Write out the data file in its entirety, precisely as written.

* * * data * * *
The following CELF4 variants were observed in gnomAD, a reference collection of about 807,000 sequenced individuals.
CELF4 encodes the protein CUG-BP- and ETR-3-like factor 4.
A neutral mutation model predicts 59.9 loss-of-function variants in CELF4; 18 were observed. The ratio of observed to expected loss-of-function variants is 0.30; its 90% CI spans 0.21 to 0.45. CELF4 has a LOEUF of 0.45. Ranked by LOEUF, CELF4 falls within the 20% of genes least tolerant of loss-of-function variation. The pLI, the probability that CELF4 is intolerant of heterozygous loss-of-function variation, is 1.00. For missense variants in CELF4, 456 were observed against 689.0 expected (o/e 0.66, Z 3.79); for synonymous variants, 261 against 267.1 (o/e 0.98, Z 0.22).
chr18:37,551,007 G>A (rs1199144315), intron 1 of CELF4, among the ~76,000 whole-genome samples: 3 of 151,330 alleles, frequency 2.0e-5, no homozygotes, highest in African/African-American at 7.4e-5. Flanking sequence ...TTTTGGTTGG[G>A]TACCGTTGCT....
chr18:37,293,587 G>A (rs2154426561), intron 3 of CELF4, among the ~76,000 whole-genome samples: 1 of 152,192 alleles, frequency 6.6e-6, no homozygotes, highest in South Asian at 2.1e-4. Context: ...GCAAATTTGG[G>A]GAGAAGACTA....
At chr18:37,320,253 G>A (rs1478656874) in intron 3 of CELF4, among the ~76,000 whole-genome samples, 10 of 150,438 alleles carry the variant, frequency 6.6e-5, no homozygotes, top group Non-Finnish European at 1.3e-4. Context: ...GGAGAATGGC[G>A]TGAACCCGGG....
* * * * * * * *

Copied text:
The following CELF4 variants were observed in gnomAD, a reference collection of about 807,000 sequenced individuals.
CELF4 encodes the protein CUG-BP- and ETR-3-like factor 4.
A neutral mutation model predicts 59.9 loss-of-function variants in CELF4; 18 were observed. The ratio of observed to expected loss-of-function variants is 0.30; its 90% CI spans 0.21 to 0.45. CELF4 has a LOEUF of 0.45. Ranked by LOEUF, CELF4 falls within the 20% of genes least tolerant of loss-of-function variation. The pLI, the probability that CELF4 is intolerant of heterozygous loss-of-function variation, is 1.00. For missense variants in CELF4, 456 were observed against 689.0 expected (o/e 0.66, Z 3.79); for synonymous variants, 261 against 267.1 (o/e 0.98, Z 0.22).
chr18:37,551,007 G>A (rs1199144315), intron 1 of CELF4, among the ~76,000 whole-genome samples: 3 of 151,330 alleles, frequency 2.0e-5, no homozygotes, highest in African/African-American at 7.4e-5. Flanking sequence ...TTTTGGTTGG[G>A]TACCGTTGCT....
chr18:37,293,587 G>A (rs2154426561), intron 3 of CELF4, among the ~76,000 whole-genome samples: 1 of 152,192 alleles, frequency 6.6e-6, no homozygotes, highest in South Asian at 2.1e-4. Context: ...GCAAATTTGG[G>A]GAGAAGACTA....
At chr18:37,320,253 G>A (rs1478656874) in intron 3 of CELF4, among the ~76,000 whole-genome samples, 10 of 150,438 alleles carry the variant, frequency 6.6e-5, no homozygotes, top group Non-Finnish European at 1.3e-4. Context: ...GGAGAATGGC[G>A]TGAACCCGGG....